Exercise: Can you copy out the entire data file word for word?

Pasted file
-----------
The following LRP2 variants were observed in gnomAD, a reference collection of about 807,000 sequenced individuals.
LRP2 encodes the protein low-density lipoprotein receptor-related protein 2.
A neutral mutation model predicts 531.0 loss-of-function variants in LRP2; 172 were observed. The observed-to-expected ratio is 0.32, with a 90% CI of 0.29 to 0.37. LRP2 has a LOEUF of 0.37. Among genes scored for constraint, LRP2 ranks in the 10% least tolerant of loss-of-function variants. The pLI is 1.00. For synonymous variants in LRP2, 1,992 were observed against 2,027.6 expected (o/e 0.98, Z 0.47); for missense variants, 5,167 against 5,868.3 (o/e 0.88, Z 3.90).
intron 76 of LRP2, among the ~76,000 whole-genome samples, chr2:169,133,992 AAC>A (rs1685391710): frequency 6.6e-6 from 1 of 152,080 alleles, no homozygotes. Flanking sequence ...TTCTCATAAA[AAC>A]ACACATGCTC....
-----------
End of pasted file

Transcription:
The following LRP2 variants were observed in gnomAD, a reference collection of about 807,000 sequenced individuals.
LRP2 encodes the protein low-density lipoprotein receptor-related protein 2.
A neutral mutation model predicts 531.0 loss-of-function variants in LRP2; 172 were observed. The observed-to-expected ratio is 0.32, with a 90% CI of 0.29 to 0.37. LRP2 has a LOEUF of 0.37. Among genes scored for constraint, LRP2 ranks in the 10% least tolerant of loss-of-function variants. The pLI is 1.00. For synonymous variants in LRP2, 1,992 were observed against 2,027.6 expected (o/e 0.98, Z 0.47); for missense variants, 5,167 against 5,868.3 (o/e 0.88, Z 3.90).
intron 76 of LRP2, among the ~76,000 whole-genome samples, chr2:169,133,992 AAC>A (rs1685391710): frequency 6.6e-6 from 1 of 152,080 alleles, no homozygotes. Flanking sequence ...TTCTCATAAA[AAC>A]ACACATGCTC....